December 16, 2013
Last week Mexico’s Congress approved a bill to end a seven-decade long state oil monopoly. In coming years foreign companies could invest as much as $20 billion a year in Mexico’s oil sector, thanks to new rules that will allow production sharing.
Although the energy reform bill, spearheaded by Mexico’s President Enrique Peña Nieto during his first year in office, has been vociferously opposed by Mexico’s left, the bill has the backing of Peña’s centrist PRI party as well as the right-of-center party of former President Felipe Calderon. Together the PRI and the PAN had enough votes to push the bill through Congress, where it was approved 353-134.
December 16, 2013
Christian Science Monitor, 12/15/2013
Last week’s approval of reforms for the pivotal oil company Pemex caps a year of major reforms that could transform Mexico – and perhaps change the immigration debate in the US.
If an award could be given in 2013 for Country of the Year, Mexico might deserve it. No other country has done more this past year to put reforms in place to transform a nation – and with startling democratic consensus. The latest reform, approved Thursday by elected lawmakers, will allow foreign and private investment in the oil sector for the first time in more than 70 years. The move upends a notion of Mexican patriotism that stated the national identity rests on government monopoly of the petroleum industry.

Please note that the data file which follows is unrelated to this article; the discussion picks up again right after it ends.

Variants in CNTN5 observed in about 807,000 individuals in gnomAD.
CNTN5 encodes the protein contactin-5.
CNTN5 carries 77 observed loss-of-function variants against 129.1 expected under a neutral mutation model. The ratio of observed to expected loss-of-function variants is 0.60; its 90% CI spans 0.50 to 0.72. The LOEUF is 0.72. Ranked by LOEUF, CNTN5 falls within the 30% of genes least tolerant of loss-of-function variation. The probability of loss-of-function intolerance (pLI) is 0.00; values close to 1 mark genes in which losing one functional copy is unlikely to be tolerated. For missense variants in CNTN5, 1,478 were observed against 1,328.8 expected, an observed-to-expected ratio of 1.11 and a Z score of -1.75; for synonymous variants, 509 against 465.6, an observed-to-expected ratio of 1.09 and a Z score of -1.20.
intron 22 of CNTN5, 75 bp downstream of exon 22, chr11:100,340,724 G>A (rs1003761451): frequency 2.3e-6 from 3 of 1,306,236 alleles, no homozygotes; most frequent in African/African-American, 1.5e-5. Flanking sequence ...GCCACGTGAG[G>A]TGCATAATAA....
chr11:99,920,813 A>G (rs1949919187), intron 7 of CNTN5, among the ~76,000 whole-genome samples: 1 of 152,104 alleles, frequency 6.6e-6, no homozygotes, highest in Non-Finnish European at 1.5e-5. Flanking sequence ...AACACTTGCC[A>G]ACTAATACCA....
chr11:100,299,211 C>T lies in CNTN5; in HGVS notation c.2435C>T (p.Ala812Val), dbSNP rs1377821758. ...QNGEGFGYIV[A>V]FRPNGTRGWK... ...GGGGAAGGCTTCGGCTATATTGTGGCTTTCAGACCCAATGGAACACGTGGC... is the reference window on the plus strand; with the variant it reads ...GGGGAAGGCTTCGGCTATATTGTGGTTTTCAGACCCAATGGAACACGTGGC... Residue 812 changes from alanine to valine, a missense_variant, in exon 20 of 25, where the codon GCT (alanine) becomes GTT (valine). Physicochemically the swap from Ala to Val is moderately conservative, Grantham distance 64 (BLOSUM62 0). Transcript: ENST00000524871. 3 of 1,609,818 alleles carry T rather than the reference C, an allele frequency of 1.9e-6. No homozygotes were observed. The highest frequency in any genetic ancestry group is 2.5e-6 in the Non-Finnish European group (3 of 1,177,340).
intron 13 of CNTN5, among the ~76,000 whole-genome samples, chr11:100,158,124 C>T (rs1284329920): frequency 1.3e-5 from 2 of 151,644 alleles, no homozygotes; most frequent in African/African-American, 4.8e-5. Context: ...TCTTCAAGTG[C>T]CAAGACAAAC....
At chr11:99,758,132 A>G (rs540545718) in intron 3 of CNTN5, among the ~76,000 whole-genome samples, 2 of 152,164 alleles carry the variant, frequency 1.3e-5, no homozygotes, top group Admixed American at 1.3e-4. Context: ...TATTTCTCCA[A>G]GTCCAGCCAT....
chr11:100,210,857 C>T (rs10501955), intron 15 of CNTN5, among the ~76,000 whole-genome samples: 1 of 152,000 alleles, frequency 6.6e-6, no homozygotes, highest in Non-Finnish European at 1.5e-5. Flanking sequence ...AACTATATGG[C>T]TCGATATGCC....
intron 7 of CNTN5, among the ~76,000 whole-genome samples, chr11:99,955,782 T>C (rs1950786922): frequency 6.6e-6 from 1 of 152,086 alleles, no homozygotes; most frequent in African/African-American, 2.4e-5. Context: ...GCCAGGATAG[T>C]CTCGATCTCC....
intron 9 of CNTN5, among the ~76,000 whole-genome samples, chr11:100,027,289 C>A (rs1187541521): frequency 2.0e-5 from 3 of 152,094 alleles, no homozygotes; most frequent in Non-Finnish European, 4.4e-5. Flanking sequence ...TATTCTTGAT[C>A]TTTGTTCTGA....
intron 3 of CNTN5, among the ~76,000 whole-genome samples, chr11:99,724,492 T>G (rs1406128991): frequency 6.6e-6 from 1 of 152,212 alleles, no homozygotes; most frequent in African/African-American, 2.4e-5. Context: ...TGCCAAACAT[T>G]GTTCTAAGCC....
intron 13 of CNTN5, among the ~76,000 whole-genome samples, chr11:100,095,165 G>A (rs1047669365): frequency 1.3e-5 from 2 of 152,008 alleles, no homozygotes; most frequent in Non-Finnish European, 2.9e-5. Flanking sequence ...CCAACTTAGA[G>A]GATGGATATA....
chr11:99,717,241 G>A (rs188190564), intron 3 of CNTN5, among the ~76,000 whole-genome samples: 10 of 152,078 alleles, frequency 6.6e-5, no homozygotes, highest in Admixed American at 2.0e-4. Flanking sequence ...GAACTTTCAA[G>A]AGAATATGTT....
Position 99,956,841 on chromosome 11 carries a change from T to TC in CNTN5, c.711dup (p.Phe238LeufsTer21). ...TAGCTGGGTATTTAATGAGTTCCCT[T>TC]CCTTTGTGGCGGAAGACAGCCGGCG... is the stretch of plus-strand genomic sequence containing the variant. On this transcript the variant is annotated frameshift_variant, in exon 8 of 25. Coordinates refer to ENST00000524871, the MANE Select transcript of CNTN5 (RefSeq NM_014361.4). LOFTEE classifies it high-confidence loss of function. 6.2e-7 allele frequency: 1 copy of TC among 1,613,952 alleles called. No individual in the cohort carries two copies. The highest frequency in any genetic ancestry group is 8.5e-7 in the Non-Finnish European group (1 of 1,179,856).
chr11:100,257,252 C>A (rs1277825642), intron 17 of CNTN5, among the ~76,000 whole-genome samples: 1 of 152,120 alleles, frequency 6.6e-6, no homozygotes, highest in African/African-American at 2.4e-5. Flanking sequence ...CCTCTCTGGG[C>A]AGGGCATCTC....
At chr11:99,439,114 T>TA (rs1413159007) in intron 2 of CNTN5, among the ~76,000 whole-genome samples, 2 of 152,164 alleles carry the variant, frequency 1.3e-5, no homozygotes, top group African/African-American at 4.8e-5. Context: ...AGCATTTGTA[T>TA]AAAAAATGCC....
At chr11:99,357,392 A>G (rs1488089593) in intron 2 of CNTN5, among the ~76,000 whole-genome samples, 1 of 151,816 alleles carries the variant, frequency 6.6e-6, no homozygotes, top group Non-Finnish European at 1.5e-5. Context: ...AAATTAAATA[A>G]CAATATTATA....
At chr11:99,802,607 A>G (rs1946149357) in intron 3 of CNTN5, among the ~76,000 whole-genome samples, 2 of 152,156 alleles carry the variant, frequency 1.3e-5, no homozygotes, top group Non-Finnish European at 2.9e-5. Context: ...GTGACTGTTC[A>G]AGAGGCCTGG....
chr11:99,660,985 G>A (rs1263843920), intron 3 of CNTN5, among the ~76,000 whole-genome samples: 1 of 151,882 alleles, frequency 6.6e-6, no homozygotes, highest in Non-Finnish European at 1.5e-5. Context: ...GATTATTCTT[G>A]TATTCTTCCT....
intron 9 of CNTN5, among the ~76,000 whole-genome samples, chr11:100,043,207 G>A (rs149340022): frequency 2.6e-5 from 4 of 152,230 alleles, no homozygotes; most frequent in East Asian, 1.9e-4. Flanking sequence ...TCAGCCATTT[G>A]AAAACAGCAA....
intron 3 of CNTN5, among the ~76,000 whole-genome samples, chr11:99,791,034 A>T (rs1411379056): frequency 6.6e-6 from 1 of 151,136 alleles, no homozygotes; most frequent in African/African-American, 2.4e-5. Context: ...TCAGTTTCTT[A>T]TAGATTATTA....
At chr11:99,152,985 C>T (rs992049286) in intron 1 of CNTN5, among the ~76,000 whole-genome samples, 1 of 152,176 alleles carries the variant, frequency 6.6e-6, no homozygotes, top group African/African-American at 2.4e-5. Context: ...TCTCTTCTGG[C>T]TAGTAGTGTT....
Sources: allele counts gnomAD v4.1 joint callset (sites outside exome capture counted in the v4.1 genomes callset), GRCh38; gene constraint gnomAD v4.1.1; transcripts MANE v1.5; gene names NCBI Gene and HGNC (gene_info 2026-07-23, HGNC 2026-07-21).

December 12, 2013
The New York Times, 12/12/2013
Every gas station in Mexico is stamped with the green-and-white logo of the state-owned oil monopoly, the economic lifeblood of the government. Oil Expropriation Day, commemorating the day Mexico seized control of the industry from multinationals in 1938, is celebrated with speeches and even parades in some towns. An old song, “The Oil Worker Hymn,” credits oil with “saving our fatherland.”
But now, President Enrique Peña Nieto, in what could be the biggest economic change in two decades, is on the verge of rewriting the constitution to open Mexico’s oil, gas and electricity industry to private investment — a provocative move that could shake up the North American energy industry and test the storied grip Mexico’s oil has had on its soul.
December 12, 2013
Mexico’s lower house passed an energy bill that ends Petroleos Mexicanos’s 75-year oil monopoly in a bid to attract foreign investment and boost growth.
Lawmakers approved the bill in general terms in a 354-134 vote late yesterday and continue to discuss minority-party challenges to specific articles. If these are rejected, the initiative will be sent to Mexico’s states, where it’s likely to receive approval from more than half of the legislatures, the threshold for changing the constitution.